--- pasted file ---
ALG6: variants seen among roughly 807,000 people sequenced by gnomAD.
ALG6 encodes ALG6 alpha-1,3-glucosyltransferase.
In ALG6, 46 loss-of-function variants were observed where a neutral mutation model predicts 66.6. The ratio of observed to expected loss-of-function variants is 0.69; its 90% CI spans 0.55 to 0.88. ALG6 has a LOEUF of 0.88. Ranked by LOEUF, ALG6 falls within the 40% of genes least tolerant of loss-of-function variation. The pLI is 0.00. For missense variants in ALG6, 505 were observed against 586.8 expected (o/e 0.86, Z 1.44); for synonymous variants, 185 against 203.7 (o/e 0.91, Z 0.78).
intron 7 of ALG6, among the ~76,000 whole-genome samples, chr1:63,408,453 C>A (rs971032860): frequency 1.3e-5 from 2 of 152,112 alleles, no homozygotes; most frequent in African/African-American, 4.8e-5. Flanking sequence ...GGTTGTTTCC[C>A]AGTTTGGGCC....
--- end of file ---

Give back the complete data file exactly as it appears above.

ALG6: variants seen among roughly 807,000 people sequenced by gnomAD.
ALG6 encodes ALG6 alpha-1,3-glucosyltransferase.
In ALG6, 46 loss-of-function variants were observed where a neutral mutation model predicts 66.6. The ratio of observed to expected loss-of-function variants is 0.69; its 90% CI spans 0.55 to 0.88. ALG6 has a LOEUF of 0.88. Ranked by LOEUF, ALG6 falls within the 40% of genes least tolerant of loss-of-function variation. The pLI is 0.00. For missense variants in ALG6, 505 were observed against 586.8 expected (o/e 0.86, Z 1.44); for synonymous variants, 185 against 203.7 (o/e 0.91, Z 0.78).
intron 7 of ALG6, among the ~76,000 whole-genome samples, chr1:63,408,453 C>A (rs971032860): frequency 1.3e-5 from 2 of 152,112 alleles, no homozygotes; most frequent in African/African-American, 4.8e-5. Flanking sequence ...GGTTGTTTCC[C>A]AGTTTGGGCC....